Past pain reflects present in IRT drama

By John Lyle Belden

The drama “No. 6,” presented by Indiana Repertory Theatre, is set in an early-21st-century American city where a white police officer has killed a black man, and violent responses to apparent injustice ensue.

Doesn’t narrow it down much, does it?

That’s the problem, and that’s why the IRT chose this play by T.J. Young, inspired by this repeating narrative, centered on the April 2001 riots in Cincinnati. A fully-produced stage performance, directed by Dwandra Nickole Lampkin, was captured by public television station WFYI and is available to stream at irtlive.com through April 4.

The steady progress of unrest has finally reached the storefront of the Anderson family’s laundry/cleaners, while proprietor Ella (Milicent Wright), with teen twins Felix (Jamaal McCray) and Felicia (LaKesha Lorene), shelter in the upstairs apartment. Felicia, who is on the autistic spectrum, dwells on her dinosaur obsession while Felix is out on the streets, scavenging for food from what past looters left behind. But he comes back with more than Spam – dragging in an unconscious white man.

Our mysterious houseguest (Michael Stewart Allen) has booze on his breath and a gun in his backpack, but as the others discover who he is, they find themselves in the very heart of the city’s issues.

Wright is a rock, as always, the mother-hen and conscience of this play. She has reasons behind her righteousness and shows real pain with her perspective that makes her feel genuine, not just a means to the drama’s message. McCray plays an emotional, impulsive idealist – like a teenager – but also reflecting the open spirit of his martyred father. Lorene gives a sensitive, endearing portrayal of an unconventional genius who has an uncanny grasp of the big picture at work here – big, as in global.

Allen hits all the emotional buttons as a man finding himself in a sort of Purgatory, never completely likable nor hateable. He is forced to deal with the perspective of those not like himself, while we must also acknowledge his. Still, what can one do when he is literally part of the problem?

“People across the globe take to streets and cry, ‘Never again!’” Young says in his program note. “And then it happens again. And again. And again.”

This play is important because it continues the much-needed conversation – but also see it because it is gripping drama with solid human performances, punctuated by sound (credit Matthew Tibbs) and light (Xavier Pierce) that makes the danger feel real and immediate, even in an otherwise comforting home (scene: Rob Koharchik). Support local professional theatre, and boot it up on the big screen.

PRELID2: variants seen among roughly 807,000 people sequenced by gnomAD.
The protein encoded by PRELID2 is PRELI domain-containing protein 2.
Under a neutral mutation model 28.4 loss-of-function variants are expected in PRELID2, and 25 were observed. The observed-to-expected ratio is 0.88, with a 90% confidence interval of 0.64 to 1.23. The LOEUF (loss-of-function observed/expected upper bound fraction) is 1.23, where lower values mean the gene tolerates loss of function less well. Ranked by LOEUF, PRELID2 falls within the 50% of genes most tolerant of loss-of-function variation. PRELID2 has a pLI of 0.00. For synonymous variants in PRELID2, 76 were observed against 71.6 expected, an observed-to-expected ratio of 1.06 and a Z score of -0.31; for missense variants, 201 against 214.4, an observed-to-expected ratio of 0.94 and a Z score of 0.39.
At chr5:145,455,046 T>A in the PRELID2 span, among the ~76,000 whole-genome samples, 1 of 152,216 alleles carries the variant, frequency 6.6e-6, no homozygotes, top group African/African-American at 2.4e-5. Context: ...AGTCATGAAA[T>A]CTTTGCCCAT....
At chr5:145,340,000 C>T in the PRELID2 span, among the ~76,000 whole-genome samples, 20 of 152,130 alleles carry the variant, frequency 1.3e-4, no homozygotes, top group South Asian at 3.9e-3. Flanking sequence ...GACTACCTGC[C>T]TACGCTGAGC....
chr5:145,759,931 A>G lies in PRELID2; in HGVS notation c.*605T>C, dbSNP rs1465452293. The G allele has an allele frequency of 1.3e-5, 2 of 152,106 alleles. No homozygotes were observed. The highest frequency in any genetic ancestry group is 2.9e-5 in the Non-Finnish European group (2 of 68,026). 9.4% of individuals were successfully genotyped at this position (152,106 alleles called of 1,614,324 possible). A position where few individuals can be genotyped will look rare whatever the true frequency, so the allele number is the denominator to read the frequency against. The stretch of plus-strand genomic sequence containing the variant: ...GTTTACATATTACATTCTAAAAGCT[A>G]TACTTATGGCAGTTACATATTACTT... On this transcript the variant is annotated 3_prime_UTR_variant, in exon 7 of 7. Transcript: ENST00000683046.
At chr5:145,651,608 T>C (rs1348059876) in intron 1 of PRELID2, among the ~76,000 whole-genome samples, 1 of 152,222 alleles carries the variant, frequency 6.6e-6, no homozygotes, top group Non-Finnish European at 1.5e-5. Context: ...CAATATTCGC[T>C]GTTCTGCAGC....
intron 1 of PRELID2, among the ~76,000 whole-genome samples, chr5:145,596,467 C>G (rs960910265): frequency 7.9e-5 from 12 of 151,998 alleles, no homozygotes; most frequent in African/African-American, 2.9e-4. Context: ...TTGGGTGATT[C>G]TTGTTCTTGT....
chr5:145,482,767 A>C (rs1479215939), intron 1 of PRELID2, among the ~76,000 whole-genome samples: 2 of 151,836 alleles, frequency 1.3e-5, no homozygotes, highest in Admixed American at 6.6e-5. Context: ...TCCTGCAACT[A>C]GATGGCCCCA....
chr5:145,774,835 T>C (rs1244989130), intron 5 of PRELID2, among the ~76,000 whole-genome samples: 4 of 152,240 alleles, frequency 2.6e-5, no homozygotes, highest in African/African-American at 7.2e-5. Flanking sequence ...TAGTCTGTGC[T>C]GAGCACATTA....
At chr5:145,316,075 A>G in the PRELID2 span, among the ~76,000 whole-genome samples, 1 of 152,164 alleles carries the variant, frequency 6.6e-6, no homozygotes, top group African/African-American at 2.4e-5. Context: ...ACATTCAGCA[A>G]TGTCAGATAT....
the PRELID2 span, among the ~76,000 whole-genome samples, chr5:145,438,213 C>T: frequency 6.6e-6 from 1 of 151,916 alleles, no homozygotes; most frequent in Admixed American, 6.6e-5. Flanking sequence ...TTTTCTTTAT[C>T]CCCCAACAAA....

Boy overcomes inner blindness in IRT’s ‘The Cay’

By John Lyle Belden

It is interesting when a theatre, for its show during Black History Month, stages a production that gets us to think about race in a bigger context than the typical American struggle of black/white. Such is the case with “The Cay,” on the upperstage of the Indiana Repertory Theatre through Feb. 26.

Adapted from the Theodore Taylor novel by Gayle Cornelison, and directed by Richard J. Roberts, the two-person drama is told from the perspective of a white boy, Phillip (Dalyn Stewart), who has the adventure of a lifetime. It is 1942, and living in the Caribbean, he sees World War II as an exciting novelty. As the island of Curacao is home to a Royal Dutch Shell oil refinery, German U-boats lurk nearby. This fact goes from fascinating to frightening when one sinks the ship taking Phillip home to America.

The boy is pulled onto a makeshift raft by an old black man, Timothy (David Alan Anderson). Being from the Virgin Islands, he knows how to survive on the open sea, and later, upon the small island (the “Cay” of the title) where the raft is carried by the tides.

But their survival is complicated by two factors: Phillip being blind to his own white privilege and spoiled state, and being literally blinded by a head injury. Even without physical sight, he “sees” Timothy as “Black” as a cultural state of being, something fundamentally different than himself. Over time, Phillip’s inner vision is corrected as the old man teaches him lessons in self-reliance he will need in the coming tests.

Anderson is brilliant as always in his role, and Stewart is a revelation as he more than keeps up with his costar. A lot is put on his shoulders, being narrator as well as one of a two-person cast, and Stewart handles it with Tom-Sawyeresque charisma. (Or Huck Finn, if you wish, given the obvious plot comparisons.)

The other “star” of this production is Stew, the cook’s cat on Phillip and Timothy’s ill-fated ship, which ended up on the raft with them and as a companion on the island. Rather than wrangle a real housecat (with its own diva demands), scenic designer Eric Barker molded some common kitchen items into a metal cat which the actors move around as needed – sound designer and composer Matthew Tibbs provides violin-string “meows” when appropriate.

After the opening night performance, Roberts and Barker said the cat design inspired them to make other aspects of the set, including the towering palm trees and the fish the characters catch, constructed of the metal flotsam and jetsam of life that wash up on distant shores. The result is a strangely beautiful stage and unifying visual theme that fits the story perfectly.

Find the IRT downtown at 140 W. Washington St.; call 317-635-5252 or visit www.irtlive.com.

John L. Belden is also Associate Editor and A&E editor of The Eagle (formerly The Word), the Indianapolis-based Midwest LGBTQ news source.